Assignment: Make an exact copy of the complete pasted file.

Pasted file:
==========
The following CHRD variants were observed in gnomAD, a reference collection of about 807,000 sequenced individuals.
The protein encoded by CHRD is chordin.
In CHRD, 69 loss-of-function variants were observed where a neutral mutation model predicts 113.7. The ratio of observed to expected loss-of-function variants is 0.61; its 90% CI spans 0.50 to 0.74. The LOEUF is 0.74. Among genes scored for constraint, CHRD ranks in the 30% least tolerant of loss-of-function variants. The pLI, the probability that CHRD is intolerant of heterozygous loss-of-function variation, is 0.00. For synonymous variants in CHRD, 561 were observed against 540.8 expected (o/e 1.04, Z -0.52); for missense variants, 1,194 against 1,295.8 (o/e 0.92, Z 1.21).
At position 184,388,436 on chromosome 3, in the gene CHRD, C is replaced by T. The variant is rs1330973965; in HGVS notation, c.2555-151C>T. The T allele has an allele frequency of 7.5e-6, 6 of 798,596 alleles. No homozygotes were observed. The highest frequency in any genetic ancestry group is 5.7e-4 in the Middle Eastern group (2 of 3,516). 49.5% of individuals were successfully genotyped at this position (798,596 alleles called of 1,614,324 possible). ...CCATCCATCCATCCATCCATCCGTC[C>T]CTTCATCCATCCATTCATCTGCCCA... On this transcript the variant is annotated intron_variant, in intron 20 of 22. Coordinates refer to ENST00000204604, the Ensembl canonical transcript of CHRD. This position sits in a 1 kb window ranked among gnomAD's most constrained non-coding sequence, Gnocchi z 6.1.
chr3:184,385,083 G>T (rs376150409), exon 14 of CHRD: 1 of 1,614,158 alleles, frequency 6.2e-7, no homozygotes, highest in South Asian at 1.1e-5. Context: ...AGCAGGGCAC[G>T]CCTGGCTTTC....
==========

The following CHRD variants were observed in gnomAD, a reference collection of about 807,000 sequenced individuals.
The protein encoded by CHRD is chordin.
In CHRD, 69 loss-of-function variants were observed where a neutral mutation model predicts 113.7. The ratio of observed to expected loss-of-function variants is 0.61; its 90% CI spans 0.50 to 0.74. The LOEUF is 0.74. Among genes scored for constraint, CHRD ranks in the 30% least tolerant of loss-of-function variants. The pLI, the probability that CHRD is intolerant of heterozygous loss-of-function variation, is 0.00. For synonymous variants in CHRD, 561 were observed against 540.8 expected (o/e 1.04, Z -0.52); for missense variants, 1,194 against 1,295.8 (o/e 0.92, Z 1.21).
At position 184,388,436 on chromosome 3, in the gene CHRD, C is replaced by T. The variant is rs1330973965; in HGVS notation, c.2555-151C>T. The T allele has an allele frequency of 7.5e-6, 6 of 798,596 alleles. No homozygotes were observed. The highest frequency in any genetic ancestry group is 5.7e-4 in the Middle Eastern group (2 of 3,516). 49.5% of individuals were successfully genotyped at this position (798,596 alleles called of 1,614,324 possible). ...CCATCCATCCATCCATCCATCCGTC[C>T]CTTCATCCATCCATTCATCTGCCCA... On this transcript the variant is annotated intron_variant, in intron 20 of 22. Coordinates refer to ENST00000204604, the Ensembl canonical transcript of CHRD. This position sits in a 1 kb window ranked among gnomAD's most constrained non-coding sequence, Gnocchi z 6.1.
chr3:184,385,083 G>T (rs376150409), exon 14 of CHRD: 1 of 1,614,158 alleles, frequency 6.2e-7, no homozygotes, highest in South Asian at 1.1e-5. Context: ...AGCAGGGCAC[G>T]CCTGGCTTTC....